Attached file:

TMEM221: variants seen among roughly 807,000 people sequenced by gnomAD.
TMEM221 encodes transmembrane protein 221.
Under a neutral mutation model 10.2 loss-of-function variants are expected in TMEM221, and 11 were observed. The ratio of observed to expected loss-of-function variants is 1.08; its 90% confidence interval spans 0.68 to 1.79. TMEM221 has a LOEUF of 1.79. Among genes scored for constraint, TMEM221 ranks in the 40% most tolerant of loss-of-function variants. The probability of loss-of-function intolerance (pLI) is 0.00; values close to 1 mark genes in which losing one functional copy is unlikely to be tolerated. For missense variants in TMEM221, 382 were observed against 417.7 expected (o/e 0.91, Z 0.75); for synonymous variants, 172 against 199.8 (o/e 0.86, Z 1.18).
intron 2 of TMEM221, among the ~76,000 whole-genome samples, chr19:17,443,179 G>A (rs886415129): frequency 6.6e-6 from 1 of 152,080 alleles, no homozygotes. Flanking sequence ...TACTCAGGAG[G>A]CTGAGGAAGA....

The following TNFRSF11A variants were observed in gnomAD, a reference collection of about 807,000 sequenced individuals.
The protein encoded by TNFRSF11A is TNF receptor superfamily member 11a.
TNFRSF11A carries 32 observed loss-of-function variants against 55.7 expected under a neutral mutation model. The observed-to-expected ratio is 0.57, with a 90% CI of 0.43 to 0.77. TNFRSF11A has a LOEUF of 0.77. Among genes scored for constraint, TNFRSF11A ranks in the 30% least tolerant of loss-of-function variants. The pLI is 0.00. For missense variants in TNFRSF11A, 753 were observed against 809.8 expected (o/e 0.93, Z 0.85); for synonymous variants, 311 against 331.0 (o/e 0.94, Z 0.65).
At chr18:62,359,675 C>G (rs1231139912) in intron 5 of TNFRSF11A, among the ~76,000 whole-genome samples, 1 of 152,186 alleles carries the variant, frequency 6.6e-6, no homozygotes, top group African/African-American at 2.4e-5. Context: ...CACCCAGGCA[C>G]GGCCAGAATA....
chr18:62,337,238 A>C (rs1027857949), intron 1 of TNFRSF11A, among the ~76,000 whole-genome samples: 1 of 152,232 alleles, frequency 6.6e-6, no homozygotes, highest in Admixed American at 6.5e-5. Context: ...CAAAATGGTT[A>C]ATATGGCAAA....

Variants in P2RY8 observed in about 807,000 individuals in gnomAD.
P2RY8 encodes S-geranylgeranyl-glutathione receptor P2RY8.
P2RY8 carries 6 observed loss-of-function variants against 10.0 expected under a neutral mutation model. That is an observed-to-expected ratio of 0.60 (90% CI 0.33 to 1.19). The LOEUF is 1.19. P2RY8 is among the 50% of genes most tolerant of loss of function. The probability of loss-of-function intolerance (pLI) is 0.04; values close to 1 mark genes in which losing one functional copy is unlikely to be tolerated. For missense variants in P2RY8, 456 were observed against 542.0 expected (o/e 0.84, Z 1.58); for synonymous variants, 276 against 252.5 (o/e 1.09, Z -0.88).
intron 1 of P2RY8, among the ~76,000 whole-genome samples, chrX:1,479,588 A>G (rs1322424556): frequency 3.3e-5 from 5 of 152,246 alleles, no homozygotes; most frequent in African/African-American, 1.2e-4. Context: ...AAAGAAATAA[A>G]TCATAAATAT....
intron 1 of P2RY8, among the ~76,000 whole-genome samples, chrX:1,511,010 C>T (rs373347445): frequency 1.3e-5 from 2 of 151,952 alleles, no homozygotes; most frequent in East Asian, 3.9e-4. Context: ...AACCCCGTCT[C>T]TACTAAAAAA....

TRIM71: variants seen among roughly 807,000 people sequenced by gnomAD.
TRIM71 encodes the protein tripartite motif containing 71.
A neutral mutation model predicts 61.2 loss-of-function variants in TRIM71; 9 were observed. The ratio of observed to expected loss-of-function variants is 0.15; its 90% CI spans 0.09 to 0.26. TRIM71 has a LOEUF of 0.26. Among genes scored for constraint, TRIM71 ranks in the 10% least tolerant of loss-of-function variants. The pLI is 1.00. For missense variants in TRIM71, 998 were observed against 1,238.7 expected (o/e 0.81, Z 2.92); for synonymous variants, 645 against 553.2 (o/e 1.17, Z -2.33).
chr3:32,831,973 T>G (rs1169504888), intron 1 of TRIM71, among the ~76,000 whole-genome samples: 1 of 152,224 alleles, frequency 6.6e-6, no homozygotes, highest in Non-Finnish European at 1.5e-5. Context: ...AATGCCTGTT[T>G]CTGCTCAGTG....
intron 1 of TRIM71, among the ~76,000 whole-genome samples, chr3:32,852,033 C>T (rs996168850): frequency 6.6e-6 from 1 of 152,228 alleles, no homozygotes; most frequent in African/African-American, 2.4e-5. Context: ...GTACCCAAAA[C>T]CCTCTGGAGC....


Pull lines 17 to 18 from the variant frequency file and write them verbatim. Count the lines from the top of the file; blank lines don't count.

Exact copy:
A neutral mutation model predicts 61.2 loss-of-function variants in TRIM71; 9 were observed. The ratio of observed to expected loss-of-function variants is 0.15; its 90% CI spans 0.09 to 0.26. TRIM71 has a LOEUF of 0.26. Among genes scored for constraint, TRIM71 ranks in the 10% least tolerant of loss-of-function variants. The pLI is 1.00. For missense variants in TRIM71, 998 were observed against 1,238.7 expected (o/e 0.81, Z 2.92); for synonymous variants, 645 against 553.2 (o/e 1.17, Z -2.33).
chr3:32,831,973 T>G (rs1169504888), intron 1 of TRIM71, among the ~76,000 whole-genome samples: 1 of 152,224 alleles, frequency 6.6e-6, no homozygotes, highest in Non-Finnish European at 1.5e-5. Context: ...AATGCCTGTT[T>G]CTGCTCAGTG....